Four daylight hours in North Macedonia

Visited November 2022

Neither of us had done a ski trip in Europe before, so we decided it was about time to change that. Rather than going for one of the more frequented ski destinations like Chamonix or Verbier, we did a little research on the landlocked principality of Andorra. Not only would it count as a new country, but it also contained the largest ski resort in the Pyrenees that was said to be perfect for intermediate skiiers. After a few glowing reviews from co-wokers, we dusted off our ski gear, bought a ticket to Toulouse, and hit the slopes for the first time in Europe, and the first time in a long time for both of us.


Bryggen Wharf

Colorful wooden buildings and a lively waterfront

Fløyen Panorama

A bird’s eye view of the bustling Bergen harbor


How we got there and how we got around

Bryggen Wharf

Exploring the city center

After the long drive, our first stop was lunch. We had a wonderful cheese spread and chocolate fondue with fruit at Casa del Formatge right off the main shopping street. Speaking of shopping, Andorra in general is known for its tax free status, so it has a ton of stores. We spent most of the afternoon walking down the main drag (Avinguda Meritxell) and slowly making our way to the famous department store Pyrenees. Outside of shopping, there were a few other highlights along the way.

Flying in

Hot dog pit stop

Backstreets of Bergenhus

Colorful wooden buildings


Fløyen Panorama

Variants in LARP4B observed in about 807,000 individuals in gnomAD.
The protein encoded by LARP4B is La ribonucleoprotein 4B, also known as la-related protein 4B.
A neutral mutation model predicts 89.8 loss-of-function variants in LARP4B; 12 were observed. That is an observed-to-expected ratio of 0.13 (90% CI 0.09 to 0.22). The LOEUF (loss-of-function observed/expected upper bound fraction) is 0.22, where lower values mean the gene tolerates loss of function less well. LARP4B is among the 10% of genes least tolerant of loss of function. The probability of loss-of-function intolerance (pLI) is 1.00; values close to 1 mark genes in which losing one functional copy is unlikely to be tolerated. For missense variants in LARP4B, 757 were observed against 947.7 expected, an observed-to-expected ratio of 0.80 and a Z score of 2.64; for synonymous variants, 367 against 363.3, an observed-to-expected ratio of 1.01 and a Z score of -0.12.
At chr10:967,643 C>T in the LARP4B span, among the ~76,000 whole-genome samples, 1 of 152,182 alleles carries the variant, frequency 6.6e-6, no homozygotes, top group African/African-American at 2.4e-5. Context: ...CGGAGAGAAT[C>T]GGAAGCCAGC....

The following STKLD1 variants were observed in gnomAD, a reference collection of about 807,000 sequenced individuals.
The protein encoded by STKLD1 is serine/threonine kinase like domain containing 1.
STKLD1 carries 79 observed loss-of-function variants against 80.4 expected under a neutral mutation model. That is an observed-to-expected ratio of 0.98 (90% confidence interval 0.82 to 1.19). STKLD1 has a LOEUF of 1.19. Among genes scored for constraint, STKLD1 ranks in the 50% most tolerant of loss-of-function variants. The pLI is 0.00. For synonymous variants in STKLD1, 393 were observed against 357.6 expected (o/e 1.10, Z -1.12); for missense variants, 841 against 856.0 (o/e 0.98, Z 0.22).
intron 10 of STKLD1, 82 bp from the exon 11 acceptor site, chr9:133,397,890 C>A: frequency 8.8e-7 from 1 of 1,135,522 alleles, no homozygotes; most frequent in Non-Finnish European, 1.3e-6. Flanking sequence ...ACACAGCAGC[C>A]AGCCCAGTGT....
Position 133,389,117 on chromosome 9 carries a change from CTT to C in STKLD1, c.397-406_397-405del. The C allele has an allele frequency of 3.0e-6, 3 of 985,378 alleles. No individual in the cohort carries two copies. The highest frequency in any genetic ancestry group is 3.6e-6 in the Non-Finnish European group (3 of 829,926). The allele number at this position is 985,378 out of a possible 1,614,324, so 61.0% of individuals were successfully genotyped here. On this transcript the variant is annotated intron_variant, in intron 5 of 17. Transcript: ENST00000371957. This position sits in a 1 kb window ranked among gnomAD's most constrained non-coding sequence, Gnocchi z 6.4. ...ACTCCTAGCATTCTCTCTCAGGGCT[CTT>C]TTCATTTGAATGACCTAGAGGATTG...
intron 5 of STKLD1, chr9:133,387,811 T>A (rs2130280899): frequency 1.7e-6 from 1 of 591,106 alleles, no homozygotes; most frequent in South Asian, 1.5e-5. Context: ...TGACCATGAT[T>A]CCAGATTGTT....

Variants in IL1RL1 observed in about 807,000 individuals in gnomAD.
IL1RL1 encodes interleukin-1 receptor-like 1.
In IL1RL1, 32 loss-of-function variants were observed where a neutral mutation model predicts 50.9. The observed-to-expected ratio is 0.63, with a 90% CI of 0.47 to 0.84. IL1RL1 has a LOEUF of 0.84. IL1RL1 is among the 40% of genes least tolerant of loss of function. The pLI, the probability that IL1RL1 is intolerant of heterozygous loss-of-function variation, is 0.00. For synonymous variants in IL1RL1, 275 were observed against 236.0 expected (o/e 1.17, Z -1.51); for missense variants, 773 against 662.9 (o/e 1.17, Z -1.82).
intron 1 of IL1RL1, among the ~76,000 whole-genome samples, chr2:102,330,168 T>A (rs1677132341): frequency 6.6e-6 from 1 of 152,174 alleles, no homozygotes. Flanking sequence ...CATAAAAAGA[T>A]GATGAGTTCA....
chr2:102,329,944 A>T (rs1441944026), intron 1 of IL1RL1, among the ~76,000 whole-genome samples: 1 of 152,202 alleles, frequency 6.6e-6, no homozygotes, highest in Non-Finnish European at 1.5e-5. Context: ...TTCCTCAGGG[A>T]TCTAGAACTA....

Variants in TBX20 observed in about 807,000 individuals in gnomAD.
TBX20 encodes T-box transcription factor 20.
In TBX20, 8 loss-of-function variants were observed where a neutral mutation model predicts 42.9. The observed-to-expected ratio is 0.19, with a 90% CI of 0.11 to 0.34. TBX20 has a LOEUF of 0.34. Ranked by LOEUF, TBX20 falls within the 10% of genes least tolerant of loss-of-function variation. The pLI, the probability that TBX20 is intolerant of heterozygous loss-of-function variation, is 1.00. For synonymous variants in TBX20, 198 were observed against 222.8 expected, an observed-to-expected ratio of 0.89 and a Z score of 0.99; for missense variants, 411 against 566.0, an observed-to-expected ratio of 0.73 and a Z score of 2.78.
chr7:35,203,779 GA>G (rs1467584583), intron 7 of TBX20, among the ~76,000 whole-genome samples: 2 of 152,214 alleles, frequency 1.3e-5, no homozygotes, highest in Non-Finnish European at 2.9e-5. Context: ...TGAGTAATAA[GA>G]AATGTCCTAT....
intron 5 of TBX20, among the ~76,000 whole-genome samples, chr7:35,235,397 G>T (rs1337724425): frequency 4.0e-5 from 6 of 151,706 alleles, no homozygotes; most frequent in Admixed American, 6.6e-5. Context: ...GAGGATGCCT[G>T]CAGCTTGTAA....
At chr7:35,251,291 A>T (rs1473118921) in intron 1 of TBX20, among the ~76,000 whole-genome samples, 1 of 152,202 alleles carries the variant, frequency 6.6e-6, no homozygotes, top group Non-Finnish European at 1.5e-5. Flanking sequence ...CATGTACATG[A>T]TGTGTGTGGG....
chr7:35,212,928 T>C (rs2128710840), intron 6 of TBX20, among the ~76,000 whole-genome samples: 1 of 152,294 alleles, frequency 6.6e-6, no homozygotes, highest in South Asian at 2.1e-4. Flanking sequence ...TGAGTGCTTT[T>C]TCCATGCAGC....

Dining along the waterfront

The rest of our first day was spent back in Soldeu, a smaller town back in the eastern part of the country that we picked due to recommendations from co-workers and its proximity to a main Grandvalira gondola up to the mountain. In fact, our hotel was literally no more than a 2 minute walk from the lift, and across the street from a ski rental place, so the location couldn’t have been more convenient. The hotel itself was the perfect mix of a ski resort / lodge feel with beautiful views and all the amenities we needed, including a small spa (to relax our muscles after the next day’s skiing) and breakfast each morning. The hotel lobby was casual but cozy for a drink.

Soldeu is basically one main street, but it packs a surprising amount of restaurants. On our first night, we wandered down to a late dinner (note: some places don’t even open until 8:00pm on the weekends) at a more casual but still nice bar/restaurant in the Sport Hotel Hermitage & Spa, which we would highly recommend. It felt like we were in an upscale chalet with fantastic food (spicy shrimp tempura, gyoza, and salmon poke) and a talented pianist to match.

Looking southeast

At the top


Getting There & Getting Around

We usually save this section for last, but like Liechtenstein, Andorra is a bit tricky to get to because of the lack of an airport in the country itself. You basically have two options if you want to fly into a larger city and then you drive into Andorra from there. We decided on the latter, and so we took an early flight into Toulouse from Gatwick and rented a car at the airport. We found a few buses that would take you there, some of them offered through the Andorra hotels, but we decided to go for the freedom of a rental, which would allow us to stop in Carcassonne on the way back as well.

The drive from Toulouse to Andorra La Vella was a bit long and took just under 3 hours, with the longest part coming towards the end as you wind through the mountains (although the scenery was beautiful). If you would like to have your passport stamped in Andorra, you need to specifically ask as you drive through border control at Pas de la Casa, which is first town across the border into Andorra from France. It’s just a tourist stamp, and not needed to enter the country, but we made sure to get it.

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